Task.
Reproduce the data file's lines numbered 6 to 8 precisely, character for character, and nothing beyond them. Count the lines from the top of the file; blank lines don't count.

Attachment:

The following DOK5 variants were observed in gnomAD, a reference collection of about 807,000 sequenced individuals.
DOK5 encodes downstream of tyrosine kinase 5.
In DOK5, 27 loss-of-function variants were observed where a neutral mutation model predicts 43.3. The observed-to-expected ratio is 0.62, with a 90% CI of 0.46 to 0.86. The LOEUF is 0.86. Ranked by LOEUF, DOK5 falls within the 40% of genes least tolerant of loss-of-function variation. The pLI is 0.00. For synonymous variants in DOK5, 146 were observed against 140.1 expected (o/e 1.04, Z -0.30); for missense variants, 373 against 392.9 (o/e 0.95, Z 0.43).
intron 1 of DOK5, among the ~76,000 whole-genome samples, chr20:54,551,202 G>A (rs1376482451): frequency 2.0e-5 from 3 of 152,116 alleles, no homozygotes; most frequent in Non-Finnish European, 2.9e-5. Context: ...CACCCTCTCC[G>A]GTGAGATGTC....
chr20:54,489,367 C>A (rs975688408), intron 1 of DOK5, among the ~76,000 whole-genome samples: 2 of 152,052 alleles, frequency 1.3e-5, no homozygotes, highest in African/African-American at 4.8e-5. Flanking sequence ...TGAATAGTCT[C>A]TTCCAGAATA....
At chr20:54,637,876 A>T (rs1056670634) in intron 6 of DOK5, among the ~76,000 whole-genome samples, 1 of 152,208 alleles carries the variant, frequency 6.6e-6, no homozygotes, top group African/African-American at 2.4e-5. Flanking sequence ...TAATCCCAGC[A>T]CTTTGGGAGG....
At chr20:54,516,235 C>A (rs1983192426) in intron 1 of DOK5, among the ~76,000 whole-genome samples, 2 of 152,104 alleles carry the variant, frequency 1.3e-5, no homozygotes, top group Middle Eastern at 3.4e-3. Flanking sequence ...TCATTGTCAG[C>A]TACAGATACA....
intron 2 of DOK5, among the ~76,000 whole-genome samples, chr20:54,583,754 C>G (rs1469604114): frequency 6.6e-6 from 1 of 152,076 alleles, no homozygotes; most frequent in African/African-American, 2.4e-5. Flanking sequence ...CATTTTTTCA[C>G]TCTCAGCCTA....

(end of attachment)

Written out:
At chr20:54,637,876 A>T (rs1056670634) in intron 6 of DOK5, among the ~76,000 whole-genome samples, 1 of 152,208 alleles carries the variant, frequency 6.6e-6, no homozygotes, top group African/African-American at 2.4e-5. Flanking sequence ...TAATCCCAGC[A>T]CTTTGGGAGG....
At chr20:54,516,235 C>A (rs1983192426) in intron 1 of DOK5, among the ~76,000 whole-genome samples, 2 of 152,104 alleles carry the variant, frequency 1.3e-5, no homozygotes, top group Middle Eastern at 3.4e-3. Flanking sequence ...TCATTGTCAG[C>A]TACAGATACA....
intron 2 of DOK5, among the ~76,000 whole-genome samples, chr20:54,583,754 C>G (rs1469604114): frequency 6.6e-6 from 1 of 152,076 alleles, no homozygotes; most frequent in African/African-American, 2.4e-5. Flanking sequence ...CATTTTTTCA[C>G]TCTCAGCCTA....